It's been a long time since I have so reluctantly put down a book upon completion, not simply because the story was so compelling but also the writing. Opening the pages of Lily's Odyssey has been a sacred activity that I have mindfully measured out in small, savored doses.
A lily is a symbol of purity while an odyssey, when we think of Odysseus, is a heroic journey accompanied by the gods. As we accompany Lily through the decades of her journey—childhood, marriage, motherhood, divorce, grandmotherhood—we find her an endearing representative of this passage of countless contemporary women, who are largely unaccompanied by the gods.
At age three—following her father's death in the war and her gardener mother's death a week later when their home burns—Uncle Walt, Lily's father's brother, and Aunt Hester adopt Lily and her brother, Vincent, 5. The story opens with Lily, at retirement age, going to the hospital for her final visit with Uncle Walt, who is dying.
A few days later, Lily's brother Vincent, now a Catholic bishop, leads the congregation in Uncle Walt's memorial service. Vincent honors Uncle Walt as "...a good friend, a trusted neighbor, a public-minded citizen, a fond relative, a beloved and devoted father to his adopted children," then adds, "Walter was God's chosen, the salt of the earth."
Lily is in her 30s when her "time bomb" goes off and her Post Traumatic Stress Disorder (PTSD) symptoms begin. Smallwood shows us how, through Lily's relationships with her aunt, uncle, husband, church, as well as her lifelong introspection, when the human mind experiences too much trauma, it is forever altered. As Lily embarks upon connecting the threads of her past trauma with her present behaviors, we take each step with her in the lifelong, convoluted, and very difficult journey. Smallwood's unique skill allows her reader to experience what Lily experiences at different points during her odyssey. We are cushioned when Lily's mind cushions her suffering through denial or dissociation, so she can cope and go on with her life. As healing brings Lily's life into clearer focus, so does the reader also experience more clarity.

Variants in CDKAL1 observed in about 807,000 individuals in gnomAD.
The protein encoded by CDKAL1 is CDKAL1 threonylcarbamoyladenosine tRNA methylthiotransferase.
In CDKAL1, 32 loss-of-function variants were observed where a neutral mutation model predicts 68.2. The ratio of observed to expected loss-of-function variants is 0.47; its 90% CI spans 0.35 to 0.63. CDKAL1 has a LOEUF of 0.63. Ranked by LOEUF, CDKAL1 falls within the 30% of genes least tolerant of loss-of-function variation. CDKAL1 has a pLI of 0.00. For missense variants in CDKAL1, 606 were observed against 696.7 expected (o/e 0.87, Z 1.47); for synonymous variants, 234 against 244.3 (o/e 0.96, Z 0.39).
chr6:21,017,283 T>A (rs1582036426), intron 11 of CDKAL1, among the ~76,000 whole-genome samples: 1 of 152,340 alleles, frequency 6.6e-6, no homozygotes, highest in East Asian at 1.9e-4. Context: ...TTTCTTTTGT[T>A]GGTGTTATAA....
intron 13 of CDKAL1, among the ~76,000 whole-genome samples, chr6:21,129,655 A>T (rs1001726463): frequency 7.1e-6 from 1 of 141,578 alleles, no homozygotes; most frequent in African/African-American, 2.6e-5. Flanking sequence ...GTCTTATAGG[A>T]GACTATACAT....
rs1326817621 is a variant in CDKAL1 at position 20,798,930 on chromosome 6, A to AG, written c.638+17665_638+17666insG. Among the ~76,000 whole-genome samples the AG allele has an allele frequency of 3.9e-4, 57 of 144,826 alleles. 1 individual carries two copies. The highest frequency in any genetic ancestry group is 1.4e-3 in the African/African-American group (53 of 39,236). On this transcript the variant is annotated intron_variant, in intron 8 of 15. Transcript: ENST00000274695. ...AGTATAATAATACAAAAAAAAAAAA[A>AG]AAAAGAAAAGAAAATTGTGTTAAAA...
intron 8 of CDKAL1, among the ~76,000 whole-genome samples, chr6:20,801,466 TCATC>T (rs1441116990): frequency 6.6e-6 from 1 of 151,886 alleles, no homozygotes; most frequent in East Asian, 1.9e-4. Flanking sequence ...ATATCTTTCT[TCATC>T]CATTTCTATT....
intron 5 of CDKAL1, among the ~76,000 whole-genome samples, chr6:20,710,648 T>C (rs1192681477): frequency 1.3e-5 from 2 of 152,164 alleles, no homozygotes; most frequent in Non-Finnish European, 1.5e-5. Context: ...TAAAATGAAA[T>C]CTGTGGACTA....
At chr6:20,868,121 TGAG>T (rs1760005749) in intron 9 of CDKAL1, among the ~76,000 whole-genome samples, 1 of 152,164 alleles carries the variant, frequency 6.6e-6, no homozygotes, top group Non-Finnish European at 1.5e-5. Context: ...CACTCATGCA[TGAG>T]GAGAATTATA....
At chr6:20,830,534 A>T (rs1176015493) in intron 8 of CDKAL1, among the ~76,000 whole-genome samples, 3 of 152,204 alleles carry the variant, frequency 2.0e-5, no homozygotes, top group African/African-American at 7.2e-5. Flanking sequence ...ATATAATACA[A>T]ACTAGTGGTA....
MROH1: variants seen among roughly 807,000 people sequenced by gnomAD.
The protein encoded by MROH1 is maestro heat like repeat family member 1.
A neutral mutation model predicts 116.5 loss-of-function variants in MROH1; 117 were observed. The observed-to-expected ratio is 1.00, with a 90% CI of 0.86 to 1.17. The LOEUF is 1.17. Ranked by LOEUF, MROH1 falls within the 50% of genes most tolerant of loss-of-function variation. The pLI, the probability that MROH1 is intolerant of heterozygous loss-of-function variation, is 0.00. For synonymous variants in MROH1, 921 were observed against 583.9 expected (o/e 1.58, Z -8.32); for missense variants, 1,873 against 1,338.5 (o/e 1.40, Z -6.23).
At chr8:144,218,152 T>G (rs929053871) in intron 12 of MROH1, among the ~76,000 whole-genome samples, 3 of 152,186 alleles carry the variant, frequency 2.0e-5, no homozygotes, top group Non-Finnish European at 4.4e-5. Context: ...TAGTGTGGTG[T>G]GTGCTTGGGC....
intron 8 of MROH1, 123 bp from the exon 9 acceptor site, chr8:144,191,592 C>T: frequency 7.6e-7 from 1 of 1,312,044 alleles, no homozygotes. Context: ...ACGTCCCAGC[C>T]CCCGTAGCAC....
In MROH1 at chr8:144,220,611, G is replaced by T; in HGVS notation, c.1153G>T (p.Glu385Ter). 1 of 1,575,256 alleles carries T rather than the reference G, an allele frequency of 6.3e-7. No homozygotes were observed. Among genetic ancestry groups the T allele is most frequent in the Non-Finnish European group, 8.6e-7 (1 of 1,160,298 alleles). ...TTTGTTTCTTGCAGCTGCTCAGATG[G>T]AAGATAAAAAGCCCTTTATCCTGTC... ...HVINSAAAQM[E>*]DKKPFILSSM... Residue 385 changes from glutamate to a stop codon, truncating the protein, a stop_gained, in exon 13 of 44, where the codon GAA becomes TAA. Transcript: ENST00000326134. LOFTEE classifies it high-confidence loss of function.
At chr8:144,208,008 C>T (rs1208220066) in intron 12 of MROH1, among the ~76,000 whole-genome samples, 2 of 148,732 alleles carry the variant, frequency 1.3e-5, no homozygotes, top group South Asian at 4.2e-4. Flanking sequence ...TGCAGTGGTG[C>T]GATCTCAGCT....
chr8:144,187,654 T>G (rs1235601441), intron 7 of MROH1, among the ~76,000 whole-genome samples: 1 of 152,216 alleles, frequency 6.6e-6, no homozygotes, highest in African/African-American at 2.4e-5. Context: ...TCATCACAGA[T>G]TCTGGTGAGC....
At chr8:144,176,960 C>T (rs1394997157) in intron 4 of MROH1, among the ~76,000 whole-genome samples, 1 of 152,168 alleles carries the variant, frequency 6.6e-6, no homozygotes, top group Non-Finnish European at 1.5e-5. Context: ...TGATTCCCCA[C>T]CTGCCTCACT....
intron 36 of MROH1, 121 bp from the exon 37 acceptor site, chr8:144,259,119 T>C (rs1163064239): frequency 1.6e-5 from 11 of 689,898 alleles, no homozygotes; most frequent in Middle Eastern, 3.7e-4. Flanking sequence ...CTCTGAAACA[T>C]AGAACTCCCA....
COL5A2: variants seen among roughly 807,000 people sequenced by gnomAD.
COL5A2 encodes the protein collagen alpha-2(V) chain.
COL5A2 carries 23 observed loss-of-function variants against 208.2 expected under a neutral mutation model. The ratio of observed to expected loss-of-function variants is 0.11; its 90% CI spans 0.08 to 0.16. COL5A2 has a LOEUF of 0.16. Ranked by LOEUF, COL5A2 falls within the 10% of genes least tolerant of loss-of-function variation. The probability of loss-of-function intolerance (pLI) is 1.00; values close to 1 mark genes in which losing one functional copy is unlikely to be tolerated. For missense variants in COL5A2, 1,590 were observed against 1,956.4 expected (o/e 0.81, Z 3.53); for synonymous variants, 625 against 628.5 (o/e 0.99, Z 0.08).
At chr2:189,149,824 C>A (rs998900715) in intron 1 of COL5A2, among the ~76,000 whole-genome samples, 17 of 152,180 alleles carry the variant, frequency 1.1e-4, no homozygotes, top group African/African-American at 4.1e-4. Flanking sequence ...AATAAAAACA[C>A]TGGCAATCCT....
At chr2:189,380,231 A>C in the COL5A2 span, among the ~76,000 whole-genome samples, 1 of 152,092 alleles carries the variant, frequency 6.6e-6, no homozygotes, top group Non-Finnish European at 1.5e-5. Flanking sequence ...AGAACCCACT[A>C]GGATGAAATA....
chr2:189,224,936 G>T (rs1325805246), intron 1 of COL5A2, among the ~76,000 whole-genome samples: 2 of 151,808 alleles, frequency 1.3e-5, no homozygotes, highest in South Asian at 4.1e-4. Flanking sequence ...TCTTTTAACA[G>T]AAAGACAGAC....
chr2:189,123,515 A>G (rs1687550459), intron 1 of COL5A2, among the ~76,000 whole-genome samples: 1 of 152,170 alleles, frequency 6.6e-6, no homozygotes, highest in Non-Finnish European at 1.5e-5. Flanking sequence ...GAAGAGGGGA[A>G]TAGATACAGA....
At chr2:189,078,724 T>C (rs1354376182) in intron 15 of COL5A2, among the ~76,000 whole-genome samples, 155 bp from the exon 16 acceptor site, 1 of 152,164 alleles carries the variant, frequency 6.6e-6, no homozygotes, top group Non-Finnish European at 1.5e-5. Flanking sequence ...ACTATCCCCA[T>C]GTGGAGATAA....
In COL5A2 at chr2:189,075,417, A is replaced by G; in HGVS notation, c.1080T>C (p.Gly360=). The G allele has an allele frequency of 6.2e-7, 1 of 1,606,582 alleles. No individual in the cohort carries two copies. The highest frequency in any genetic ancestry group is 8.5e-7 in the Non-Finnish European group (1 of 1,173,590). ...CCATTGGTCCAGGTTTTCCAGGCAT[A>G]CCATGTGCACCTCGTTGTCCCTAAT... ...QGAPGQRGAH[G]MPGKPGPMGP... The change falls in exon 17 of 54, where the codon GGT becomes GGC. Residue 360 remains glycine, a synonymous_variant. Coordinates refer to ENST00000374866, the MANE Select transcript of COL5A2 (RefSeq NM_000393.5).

There is a delicate balance and haunting grace to Smallwood's words. Lily's Odyssey is an exquisite psychological detective novel that explores how family, marriage, and religion each can play powerful roles in denial, repression, and dissociation. Spending time with this book can be equated with entering a hallowed space that explores the labyrinth of a woman's wounded psyche with reverence, insight, intelligence, honesty, and unusual skill. Lily's Odyssey is singular and stands well ahead of any of the numerous books I've read in its ability to portray what that long journey is like.
Carol Smallwood's work has appeared in English Journal, Michigan Feminist Studies, The Yale Journal for Humanities in Medicine, Journal of Formal Poetry, The Writer's Chronicle, The Detroit News, and anthologies. She's a 1020 Short List Finalist, Eric Hoffer Award for Best New Writing; 2009 National Federation of State Poetry Societies Award Winner, and appears in Contemporary Authors; Who's Who in America. Lily's Odyssey, her first novel, is her 22nd published book.
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